In this article we take a look at interview questions that are designed to gauge your cultural competence and share some tips on how to answer them
It’s Heritage month, a time when we celebrate our diversity as a nation. South Africa is a melting pot of individuals with unique cultures, backgrounds, and values and because of this it is important for companies to hire employees who can work in an environment where there are diverse cultural groups.
One tool interviewers use to gauge your “cultural competence” is to ask you questions on how to deal with cultural diversity. It might seem daunting, especially if you are trying to impress the interviewers. That is why we have compiled some of the questions you might encounter in an interview with some tips on how to answer them like a pro.
“Tell us how you work with people to create or foster diversity in the workplace.”
When faced with a question like this, it is important to answer based on your own past experiences. Talk about how your knowledge of other cultures has helped you in a certain situation in the past or how your ability to relate to others with different backgrounds has made it possible for a group to work together. Employers love team players, but they love team players who can play really well with others even more.
“Describe a situation in which you utilised your multicultural skills to solve a problem.”
Not all of us have necessarily had the opportunity to solve a problem with our multicultural skills, so be honest. Tell the interviewer that you might not have had a specific experience but explain how you would use your knowledge of diverse cultures to solve a problem if you ever encountered one. You might want to include where you have learned this skill. If you travelled or went to school with vastly different cultures in one classroom, mention it. Dazzle them with your diplomacy and ability to navigate multicultural environments.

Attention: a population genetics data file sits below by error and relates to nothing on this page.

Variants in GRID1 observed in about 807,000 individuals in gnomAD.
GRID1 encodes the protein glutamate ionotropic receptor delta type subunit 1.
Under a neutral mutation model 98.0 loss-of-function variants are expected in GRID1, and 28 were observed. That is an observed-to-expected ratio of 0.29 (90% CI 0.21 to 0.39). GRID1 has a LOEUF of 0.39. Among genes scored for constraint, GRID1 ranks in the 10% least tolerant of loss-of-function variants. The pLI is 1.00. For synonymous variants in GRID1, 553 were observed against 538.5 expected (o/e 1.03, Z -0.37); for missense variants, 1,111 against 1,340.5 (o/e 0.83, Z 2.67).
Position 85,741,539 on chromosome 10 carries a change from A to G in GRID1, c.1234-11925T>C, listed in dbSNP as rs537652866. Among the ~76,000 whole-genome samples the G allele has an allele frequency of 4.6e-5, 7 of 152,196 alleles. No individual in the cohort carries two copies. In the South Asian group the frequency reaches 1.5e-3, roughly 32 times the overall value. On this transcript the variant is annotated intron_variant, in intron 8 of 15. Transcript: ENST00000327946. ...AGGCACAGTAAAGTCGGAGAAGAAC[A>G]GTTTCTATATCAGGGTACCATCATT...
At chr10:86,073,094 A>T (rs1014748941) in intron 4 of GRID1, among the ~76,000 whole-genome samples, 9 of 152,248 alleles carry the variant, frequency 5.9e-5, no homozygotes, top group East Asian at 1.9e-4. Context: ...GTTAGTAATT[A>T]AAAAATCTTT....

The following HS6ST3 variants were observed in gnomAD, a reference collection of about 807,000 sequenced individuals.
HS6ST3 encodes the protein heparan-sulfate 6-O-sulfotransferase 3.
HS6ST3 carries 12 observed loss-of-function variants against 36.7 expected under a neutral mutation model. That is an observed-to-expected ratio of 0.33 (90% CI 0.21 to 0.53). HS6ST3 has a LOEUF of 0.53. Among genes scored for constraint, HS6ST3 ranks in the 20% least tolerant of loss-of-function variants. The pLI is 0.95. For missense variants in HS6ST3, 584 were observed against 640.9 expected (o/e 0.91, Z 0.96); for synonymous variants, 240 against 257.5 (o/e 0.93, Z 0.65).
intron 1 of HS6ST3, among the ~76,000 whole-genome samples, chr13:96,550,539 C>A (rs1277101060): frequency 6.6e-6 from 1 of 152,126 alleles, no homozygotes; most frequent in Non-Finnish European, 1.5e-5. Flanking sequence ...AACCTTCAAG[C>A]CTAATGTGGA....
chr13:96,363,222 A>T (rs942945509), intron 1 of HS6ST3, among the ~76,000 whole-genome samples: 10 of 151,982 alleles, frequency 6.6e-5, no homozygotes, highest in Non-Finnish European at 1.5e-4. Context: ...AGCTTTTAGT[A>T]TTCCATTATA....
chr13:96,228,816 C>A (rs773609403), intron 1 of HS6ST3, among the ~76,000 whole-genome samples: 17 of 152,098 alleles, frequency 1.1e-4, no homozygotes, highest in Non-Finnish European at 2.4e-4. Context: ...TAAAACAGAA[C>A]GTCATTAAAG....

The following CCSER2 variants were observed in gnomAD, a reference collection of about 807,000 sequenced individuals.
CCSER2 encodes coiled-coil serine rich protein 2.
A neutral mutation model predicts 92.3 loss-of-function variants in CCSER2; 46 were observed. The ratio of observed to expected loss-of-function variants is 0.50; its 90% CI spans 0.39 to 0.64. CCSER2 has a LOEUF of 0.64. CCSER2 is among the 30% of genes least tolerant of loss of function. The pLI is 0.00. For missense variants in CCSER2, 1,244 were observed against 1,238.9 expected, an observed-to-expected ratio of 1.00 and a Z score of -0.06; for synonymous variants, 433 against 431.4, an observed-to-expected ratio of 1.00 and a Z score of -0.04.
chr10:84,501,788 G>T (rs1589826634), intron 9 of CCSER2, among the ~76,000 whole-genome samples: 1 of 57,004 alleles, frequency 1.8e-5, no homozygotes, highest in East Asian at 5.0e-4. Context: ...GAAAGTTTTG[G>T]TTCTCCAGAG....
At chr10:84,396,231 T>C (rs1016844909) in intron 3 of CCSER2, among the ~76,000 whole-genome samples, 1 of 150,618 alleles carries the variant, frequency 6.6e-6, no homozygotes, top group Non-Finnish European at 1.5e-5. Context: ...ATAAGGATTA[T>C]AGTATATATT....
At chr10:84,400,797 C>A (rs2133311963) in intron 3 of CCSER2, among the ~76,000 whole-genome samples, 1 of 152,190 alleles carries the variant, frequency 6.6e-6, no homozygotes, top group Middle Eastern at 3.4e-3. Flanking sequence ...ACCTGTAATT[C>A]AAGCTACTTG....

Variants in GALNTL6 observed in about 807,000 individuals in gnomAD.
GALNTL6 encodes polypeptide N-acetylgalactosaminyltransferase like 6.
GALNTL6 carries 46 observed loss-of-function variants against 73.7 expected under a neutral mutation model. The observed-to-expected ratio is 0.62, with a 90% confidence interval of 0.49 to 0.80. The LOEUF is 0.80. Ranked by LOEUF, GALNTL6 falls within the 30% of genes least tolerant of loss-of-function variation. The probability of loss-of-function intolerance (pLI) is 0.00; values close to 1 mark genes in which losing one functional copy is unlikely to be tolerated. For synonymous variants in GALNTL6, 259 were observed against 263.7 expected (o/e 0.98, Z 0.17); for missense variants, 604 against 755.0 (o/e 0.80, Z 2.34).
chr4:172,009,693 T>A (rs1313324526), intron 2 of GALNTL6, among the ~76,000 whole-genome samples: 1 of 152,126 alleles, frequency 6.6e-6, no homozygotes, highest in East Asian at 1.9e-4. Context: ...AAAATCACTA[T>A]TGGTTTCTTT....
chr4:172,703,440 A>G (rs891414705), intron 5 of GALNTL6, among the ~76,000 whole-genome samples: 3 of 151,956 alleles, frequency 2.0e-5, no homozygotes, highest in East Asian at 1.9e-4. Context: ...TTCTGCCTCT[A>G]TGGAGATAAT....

“Talk about a time that you successfully adapted to a culturally different environment.”
It is important for interviewers to know that you will be able to adapt in different and challenging situations. The nature of your work might require you to spend a lot of time in a foreign country, for example. For you to be able to do your job effectively, you need to be able to adapt. Draw on your previous experiences. Mention the ways in which the people you encountered differed from you and how you were able to connect with them using your knowledge and experience. You don’t have to refer specifically to an experience you had in your previous workplace. It is just important to relate what you have learned from that experience to the workplace.
We can’t cover all diversity and culture questions that come up in interviews, so here are some general tips for making a great impression.
If an interviewer asks a culture-related question, avoid stereotyping. Talking about diversity can be tricky, so instead of using stereotypes focus on the positive and convey your emotional intelligence, cultural savvy and adaptability.
Show your understanding of diversity
Diversity isn’t just about race. Diversity, especially in the workplace, is about working together with colleagues as a cohesive unit no matter your difference. Show your interviewer that you can collaborate with people from all kinds of backgrounds, regardless of race, gender, ethnicity, sexual orientation, age or disability.
We are lucky to live in a country with so many different races and cultures. We need to work to understand others’ cultures and backgrounds, so we can be more tolerant and prone to form cohesive units with people who are different from us. Being adaptable and culturally intelligent will make you invaluable in the workplace since you can adapt to your environment and relate to others easily.
Regardless of what you see in the news, South Africans are extremely inclusive and culturally sensitive. We know what it feels like to be excluded and dare not make the same mistakes of the past. Therefore, we celebrate our diversity and pride ourselves on being a society that is inclusive and tolerant of others.